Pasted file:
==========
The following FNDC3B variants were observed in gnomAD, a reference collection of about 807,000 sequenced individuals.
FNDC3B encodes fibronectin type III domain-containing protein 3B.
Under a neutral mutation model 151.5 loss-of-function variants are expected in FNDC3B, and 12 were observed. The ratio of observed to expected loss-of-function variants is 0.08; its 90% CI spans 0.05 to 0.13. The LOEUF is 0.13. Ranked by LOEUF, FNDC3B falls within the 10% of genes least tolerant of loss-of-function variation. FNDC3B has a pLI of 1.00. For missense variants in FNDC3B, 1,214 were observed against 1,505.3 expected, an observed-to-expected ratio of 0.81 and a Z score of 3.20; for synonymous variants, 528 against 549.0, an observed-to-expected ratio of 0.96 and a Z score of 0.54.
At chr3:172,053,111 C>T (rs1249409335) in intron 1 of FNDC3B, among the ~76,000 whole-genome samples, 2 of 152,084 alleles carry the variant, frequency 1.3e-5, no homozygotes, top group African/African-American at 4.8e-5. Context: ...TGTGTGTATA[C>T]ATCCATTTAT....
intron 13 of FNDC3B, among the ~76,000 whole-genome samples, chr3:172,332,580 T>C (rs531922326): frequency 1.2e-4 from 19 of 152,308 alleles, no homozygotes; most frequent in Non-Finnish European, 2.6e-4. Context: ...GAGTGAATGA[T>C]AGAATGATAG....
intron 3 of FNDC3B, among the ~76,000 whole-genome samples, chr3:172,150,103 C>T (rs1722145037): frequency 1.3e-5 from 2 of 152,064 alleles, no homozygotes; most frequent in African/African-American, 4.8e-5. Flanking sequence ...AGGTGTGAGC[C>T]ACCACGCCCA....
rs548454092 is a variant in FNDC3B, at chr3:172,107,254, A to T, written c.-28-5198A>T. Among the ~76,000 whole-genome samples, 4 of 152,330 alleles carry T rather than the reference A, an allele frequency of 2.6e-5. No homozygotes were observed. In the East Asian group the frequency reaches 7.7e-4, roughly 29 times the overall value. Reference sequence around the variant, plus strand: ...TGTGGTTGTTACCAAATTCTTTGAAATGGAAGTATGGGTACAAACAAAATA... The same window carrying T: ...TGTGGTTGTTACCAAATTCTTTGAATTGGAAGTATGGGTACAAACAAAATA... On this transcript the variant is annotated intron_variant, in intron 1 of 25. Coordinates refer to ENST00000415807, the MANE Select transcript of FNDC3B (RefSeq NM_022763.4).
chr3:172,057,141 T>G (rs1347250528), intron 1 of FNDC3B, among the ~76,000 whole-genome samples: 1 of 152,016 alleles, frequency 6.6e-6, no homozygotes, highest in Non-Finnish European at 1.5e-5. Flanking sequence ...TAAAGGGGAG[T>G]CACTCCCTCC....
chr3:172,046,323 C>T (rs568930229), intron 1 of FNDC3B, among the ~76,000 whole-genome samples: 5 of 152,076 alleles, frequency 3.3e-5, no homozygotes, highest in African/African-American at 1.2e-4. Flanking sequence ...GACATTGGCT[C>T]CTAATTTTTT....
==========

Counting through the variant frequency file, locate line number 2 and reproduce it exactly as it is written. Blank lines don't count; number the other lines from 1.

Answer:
FNDC3B encodes fibronectin type III domain-containing protein 3B.